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Russian Relations

Drawing from interviews with senior U.S. and Russian officials, James M. Goldgeier—director of GW’s Institute for European, Russian, and Eurasian Studies and associate professor of political science and international affairs—writes a thoughtful, thorough account of the relationship between the United States and Russia during the last few turbulent decades in Power and Purpose: U.S. Policy Toward Russia after the Cold War (Brookings Institution Press, 2003). With co-author Michael McFaul, Goldgeier, who also is an adjunct senior fellow in Europe studies for the Council on Foreign Relations, explores the evolution of U.S. foreign policy toward the Soviet Union during the last three administrations.

Focusing on how policymakers faced challenges and capitalized on opportunities presented by a changing Russia, the book reveals the inner workings behind U.S. efforts to promote democracy and markets in Russia. By asking the right questions, Goldgeier shows how two superpowers—once bitter adversaries—followed an intricate and problematic path toward peace and security.

Social Security Man

The life of the man who dedicated his career to developing and promoting Social Security is revealed in Robert Ball and the Politics of Social Security (Univeristy of Wisconsin Press, 2003) by Edward D. Berkowitz, professor of history and director of GW’s Program in History and Public Policy. From 1939 on, Ball was a key player in fostering Social Security, working as a field representative, commissioner of Social Security appointed by President Kennedy, serving as adviser to several administrations, and writing definitive statements on the subject. The biography, rooted in policy analysis, is based on Berkowitz’s exclusive access to Ball’s personal and professional papers and his oral memoir created specifically for the book.

Berkowitz describes how Social Security came to be the most important social welfare program in the United States, as well as Ball’s roll in its expansion and reform, and threats to the program’s existence. Though Berkowitz says Ball is “not an easy man to know,” he is able to describe Ball as someone who is very passionate about his beliefs and his work, a man whose “use of the conservative means of social insurance toward the liberal ends of an expanded welfare state has left an indelible mark on American social policy.”

Political Minds

Editor and author Jerrold M. Post and a group of expert contributors explore the vastly different psychological profiles and leadership styles of two political giants—President Clinton and Saddam Hussein—in The Psychological Assessment of Political Leaders (University of Michigan Press, 2003).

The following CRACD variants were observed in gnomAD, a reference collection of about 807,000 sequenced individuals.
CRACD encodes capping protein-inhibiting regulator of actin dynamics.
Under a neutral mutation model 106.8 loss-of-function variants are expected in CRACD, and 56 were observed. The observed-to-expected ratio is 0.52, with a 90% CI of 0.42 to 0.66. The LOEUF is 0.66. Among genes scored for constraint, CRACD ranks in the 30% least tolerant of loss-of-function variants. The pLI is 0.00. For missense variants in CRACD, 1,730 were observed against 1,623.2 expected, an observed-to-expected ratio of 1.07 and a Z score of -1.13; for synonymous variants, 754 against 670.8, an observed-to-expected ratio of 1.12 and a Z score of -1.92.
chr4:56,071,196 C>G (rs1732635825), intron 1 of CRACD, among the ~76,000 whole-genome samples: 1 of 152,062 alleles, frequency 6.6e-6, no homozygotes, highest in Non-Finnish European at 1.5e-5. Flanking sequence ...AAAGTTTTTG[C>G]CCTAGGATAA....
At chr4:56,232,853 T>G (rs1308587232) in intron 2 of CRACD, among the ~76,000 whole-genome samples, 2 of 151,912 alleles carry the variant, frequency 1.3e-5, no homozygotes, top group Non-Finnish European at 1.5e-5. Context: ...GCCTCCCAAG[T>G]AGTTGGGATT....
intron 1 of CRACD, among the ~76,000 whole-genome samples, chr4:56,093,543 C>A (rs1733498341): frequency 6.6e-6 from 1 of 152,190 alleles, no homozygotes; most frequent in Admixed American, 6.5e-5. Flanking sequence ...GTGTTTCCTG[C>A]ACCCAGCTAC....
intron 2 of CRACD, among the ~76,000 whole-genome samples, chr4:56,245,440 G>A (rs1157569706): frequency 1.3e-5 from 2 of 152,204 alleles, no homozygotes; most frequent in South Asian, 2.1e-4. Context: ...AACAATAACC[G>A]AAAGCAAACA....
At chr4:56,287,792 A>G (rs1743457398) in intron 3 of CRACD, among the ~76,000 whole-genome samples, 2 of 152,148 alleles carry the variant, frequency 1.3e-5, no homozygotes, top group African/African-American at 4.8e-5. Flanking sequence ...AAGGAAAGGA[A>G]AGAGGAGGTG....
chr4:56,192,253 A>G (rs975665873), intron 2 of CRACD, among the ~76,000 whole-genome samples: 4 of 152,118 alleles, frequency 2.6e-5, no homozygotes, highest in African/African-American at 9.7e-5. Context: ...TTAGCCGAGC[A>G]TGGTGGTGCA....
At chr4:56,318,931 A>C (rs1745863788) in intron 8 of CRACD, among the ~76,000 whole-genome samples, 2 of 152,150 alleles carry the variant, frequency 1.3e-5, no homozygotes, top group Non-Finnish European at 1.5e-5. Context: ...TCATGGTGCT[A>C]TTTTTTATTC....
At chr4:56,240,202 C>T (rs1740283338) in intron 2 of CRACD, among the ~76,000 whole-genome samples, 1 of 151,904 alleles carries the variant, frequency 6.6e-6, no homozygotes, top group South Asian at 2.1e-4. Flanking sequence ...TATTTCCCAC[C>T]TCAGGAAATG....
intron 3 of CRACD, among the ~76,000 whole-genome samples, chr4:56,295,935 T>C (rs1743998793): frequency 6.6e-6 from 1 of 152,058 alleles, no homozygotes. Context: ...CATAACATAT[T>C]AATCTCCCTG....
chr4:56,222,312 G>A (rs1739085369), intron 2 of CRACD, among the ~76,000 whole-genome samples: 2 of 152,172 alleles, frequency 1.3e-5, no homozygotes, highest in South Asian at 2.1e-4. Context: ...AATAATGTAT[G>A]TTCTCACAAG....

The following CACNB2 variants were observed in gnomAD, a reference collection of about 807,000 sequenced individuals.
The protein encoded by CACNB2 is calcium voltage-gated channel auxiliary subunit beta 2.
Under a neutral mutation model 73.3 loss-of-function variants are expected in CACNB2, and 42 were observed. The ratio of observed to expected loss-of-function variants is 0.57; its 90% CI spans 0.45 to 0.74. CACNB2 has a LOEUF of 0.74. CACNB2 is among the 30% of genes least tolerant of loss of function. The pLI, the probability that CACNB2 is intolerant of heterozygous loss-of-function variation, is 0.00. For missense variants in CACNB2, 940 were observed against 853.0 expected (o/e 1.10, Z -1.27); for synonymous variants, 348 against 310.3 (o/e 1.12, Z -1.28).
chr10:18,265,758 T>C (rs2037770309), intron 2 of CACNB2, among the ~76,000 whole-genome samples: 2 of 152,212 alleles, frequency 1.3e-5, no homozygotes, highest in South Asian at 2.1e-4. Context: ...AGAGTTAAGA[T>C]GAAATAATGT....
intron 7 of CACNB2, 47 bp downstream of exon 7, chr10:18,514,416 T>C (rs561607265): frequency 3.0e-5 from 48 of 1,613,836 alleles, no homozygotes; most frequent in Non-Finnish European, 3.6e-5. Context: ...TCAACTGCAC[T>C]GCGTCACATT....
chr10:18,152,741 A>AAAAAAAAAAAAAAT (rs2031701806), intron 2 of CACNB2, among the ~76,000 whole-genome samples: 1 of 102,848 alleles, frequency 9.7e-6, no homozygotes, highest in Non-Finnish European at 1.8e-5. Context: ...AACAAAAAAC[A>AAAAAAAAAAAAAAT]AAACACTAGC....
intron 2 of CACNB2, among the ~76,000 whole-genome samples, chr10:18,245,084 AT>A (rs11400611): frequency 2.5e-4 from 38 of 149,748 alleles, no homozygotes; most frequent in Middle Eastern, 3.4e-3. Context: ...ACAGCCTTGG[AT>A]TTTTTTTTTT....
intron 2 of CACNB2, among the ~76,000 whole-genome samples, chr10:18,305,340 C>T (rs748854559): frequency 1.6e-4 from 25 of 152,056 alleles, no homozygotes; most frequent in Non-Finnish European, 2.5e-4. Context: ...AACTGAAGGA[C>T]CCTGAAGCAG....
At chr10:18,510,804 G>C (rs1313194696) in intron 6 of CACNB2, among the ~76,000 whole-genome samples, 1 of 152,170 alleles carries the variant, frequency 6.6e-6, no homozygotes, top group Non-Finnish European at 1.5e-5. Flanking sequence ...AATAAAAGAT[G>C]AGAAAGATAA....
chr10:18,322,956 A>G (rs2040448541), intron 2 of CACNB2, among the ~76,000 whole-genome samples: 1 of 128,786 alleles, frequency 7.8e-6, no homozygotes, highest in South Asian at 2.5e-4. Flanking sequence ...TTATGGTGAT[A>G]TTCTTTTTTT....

Post, professor of psychiatry, political psychology, and international affairs and director of GW’s Political Psychology Program, outlines a system of “at a distance evaluation,” gathering information from several disciplines including psycholinguistics and political psychology, to build the profiles. This system of analysis, applied to the two case studies, offers in-depth political psychological portraits and a “deeper understanding of the volatile circumstances of global affairs.”

The work is a timely effort to gain insight into the minds of two individuals who have shaped the modern world. The legacies of the works of the two men have had lasting effects on modern society and political policies. As Post, founder of the Center for the Analysis of Personality and Political Behavior, writes, “If we want to understand what they do, we had better have useful theories of why they do it.”

The Berlin Wall

Assistant Professor of History and International Affairs Hope M. Harrison writes a gripping account of Soviet-East German relations from 1953 to 1961 in Driving the Soviets up the Wall, (Princeton University Press, 2003). Harrison offers the provocative argument that the East Germans pushed the reluctant Soviets into building the Berlin Wall: “The East German factor was much more important than previously recognized and indeed is an essential part of the story. The East Germans, through their own policies, narrowed Soviet options and also took advantage of tensions in U.S.-Soviet and Sino-Soviet relations, as well as tensions within the Soviet leadership.”

Harrison, who served as director for European and Eurasian Affairs at the National Security Council from 2000 to 2001, offers information that sheds a different light on the nature of relations between countries of the Soviet block at the height of the Cold War, while also contributing to the ongoing dialogue about the ability of weaker states to influence their stronger allies.

Military Motives

It was not current events but rather events of the previous decade that prompted Martha Finnemore, associate professor of political science and international affairs, to write The Purpose of Intervention: Changing Beliefs about the Use of Force (Cornell University Press, 2003).

“The UN-orchestrated military interventions in places like Somalia and Bosnia, which were proliferating in the 1990s, looked qualitatively new then and raised important questions for international relations scholars,” she writes.

Military intervention was indeed changing in the 1990s, she notes. Examining trends and changes during the past 400 years, Finnemore focuses on three types of intervention: acting against perceived threats to international peace, collecting debts, and addressing humanitarian crises to sketch a picture of how and why the use of force has changed.

—Laura Ewald and Heather O. Milke

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